Just as the pound was reaching its peak, Iain Duncan Smith said: “Turnout in the council estates is very high.” It was about quarter past ten. When he added a few minutes later that he’d been in politics for 24 years and couldn’t remember seeing an equivalent council-estate turnout before, David Dimbleby wondered about its significance: was it good news for the Brexit campaign? Duncan Smith said piously that he couldn’t possibly say, but we knew that he thought it was. By midnight, the pound had begun its fall.
My wife and I grew up on council estates – small, well-gardened ones, a hundred miles from each other across the border of Scotland and England. Almost everyone we knew lived similarly. People of our parents’ generation thought of public housing as a blessing, compared to the shabby and cramped homes they had lived in before. “They talk about council estates as though they’re slums,” my wife said as we watched the coverage. Or native reservations, I thought. Earlier that day on our London high street, a canvasser for remain told me how they divided the work: the Greens got the tube stations, Lib Dems did the shoppers, Labour went “round the estates”.
And, outside Scotland and London, they were mostly ignored. “A large constituency of working-class voters feel that not only has the economy left them behind, but so has the culture,” the American political philosopher Michael Sandel said in a recent interview. “The sources of their dignity, the dignity of labour, have been eroded and mocked by … globalisation, the rise of finance, the attention that is lavished by parties across the political spectrum on economic and financial elites, [and] the technocratic emphasis of the established political parties.” A lot of the energy animating Brexit, said Sandel, had been “born of this failure of elites”.
The effects across large parts of Britain were spectacular. The big industrial cities had stored up enough capital in terms of public institutions and professional jobs to survive and sometimes prosper as regional capitals. But their hinterlands – the settlements strung along smoky valleys and perched on the oily river’s edge – began to look as abandoned as goldrush towns. Coatbridge, Consett, Hartlepool, Merthyr, Sunderland, Burnley, Greenock, Accrington: unless a senior football team played or a murder took place, they dropped from the national consciousness.
The depth of their oblivion was exemplified when, in a referendum debate on Sky TV, Michael Gove spoke of how his father’s fish business in Aberdeen had been “destroyed by the European Union”, which had “hollowed out” communities across Britain. In fact, a report in the Guardian showed that the senior Gove had sold his business rather than closed it, and that factors other than the EU were then shrinking Aberdeen’s fishing industry, including over-fishing.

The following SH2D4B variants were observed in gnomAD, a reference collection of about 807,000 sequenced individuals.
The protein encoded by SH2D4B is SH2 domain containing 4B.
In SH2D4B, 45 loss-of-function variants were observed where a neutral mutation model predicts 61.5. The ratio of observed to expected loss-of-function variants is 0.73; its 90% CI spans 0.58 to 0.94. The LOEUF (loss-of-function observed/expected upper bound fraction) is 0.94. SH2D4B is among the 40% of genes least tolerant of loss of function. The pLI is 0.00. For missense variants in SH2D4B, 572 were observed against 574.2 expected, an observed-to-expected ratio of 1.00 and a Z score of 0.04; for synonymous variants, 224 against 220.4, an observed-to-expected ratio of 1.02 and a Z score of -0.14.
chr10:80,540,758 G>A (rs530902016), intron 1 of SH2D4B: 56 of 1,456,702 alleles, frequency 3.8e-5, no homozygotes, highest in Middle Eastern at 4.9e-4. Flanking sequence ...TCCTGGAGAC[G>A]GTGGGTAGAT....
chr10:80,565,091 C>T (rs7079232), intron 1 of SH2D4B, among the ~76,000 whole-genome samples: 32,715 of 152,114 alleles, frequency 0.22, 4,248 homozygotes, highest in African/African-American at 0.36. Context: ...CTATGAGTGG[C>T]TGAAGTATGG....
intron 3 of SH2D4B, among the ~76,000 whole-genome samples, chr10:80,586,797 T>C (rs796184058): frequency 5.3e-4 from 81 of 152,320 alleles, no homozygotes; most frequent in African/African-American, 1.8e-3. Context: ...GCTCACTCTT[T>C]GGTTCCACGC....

What nobody remarked on was the absurdity of Gove calling the EU a job destroyer, when far heavier destruction was inflicted by British government policy during those years. When Mrs Thatcher came to office in 1979, manufacturing accounted for almost 30% of Britain’s national income and employed 6.8 million people; by 2010, it accounted for 11% and employed 2.5 million. And, unlike Mr Gove, a welder who was thrown out of work by a closing Sunderland shipyard had no business to sell.
In no other major economy was industrial collapse so quick. For a time, well-meaning journalists reported the catastrophe, and then gradually the sight of empty towns and shuttered shops became normalised or forgotten.
It seemed there was nothing to be done. At one time, the country’s prosperity had been underpinned by the spinning, weaving, stitching, hammering, banging, welding and smelting that went on in the manufacturing towns; much of the country’s former character was also owed to them – non-conformist chapels, brass bands, giant vegetable championships, self-improvement, association football. Surely nothing as significant to the nation’s economy, culture or politics would ever emerge from them again? And then it did: grievance. Actually, more than that: the sudden discovery that in certain and perhaps unrepeatable circumstances, the poor could use their grievance about all kinds of things to change at least one.
It first became apparent in the Scottish referendum of 2014. Only four local voting areas out of 32 returned a majority for independence and all of them bore the scars of vanished industries. The SNP had broken through years of eroding Labour tradition to capture the loyalty of people in the big housing schemes, for whom the leap in the dark of constitutional change offered promise rather than threat (after all, what else had worked?). By the time of last year’s general election, thousands of underprivileged local authority tenants felt themselves for the first time to be part of a political movement. I noticed the paradox after Nicola Sturgeon addressed an anti-Trident rally in Glasgow, and wrote: “Only now, with the west of Scotland nearly expunged as an economic force, does the political will of its people keep the rest of the country awake.”
On Thursday, much of northern England went to vote in a similar mood. Immigration, actual or potential, mattered too. There may also have been Spitfire enthusiasts. But betrayal, grievance, dispossession: these were surely what counted for most. I feel sorrow that the British story should have such an unexpected end – murdered by the poor and neglected English who were already inside the keep.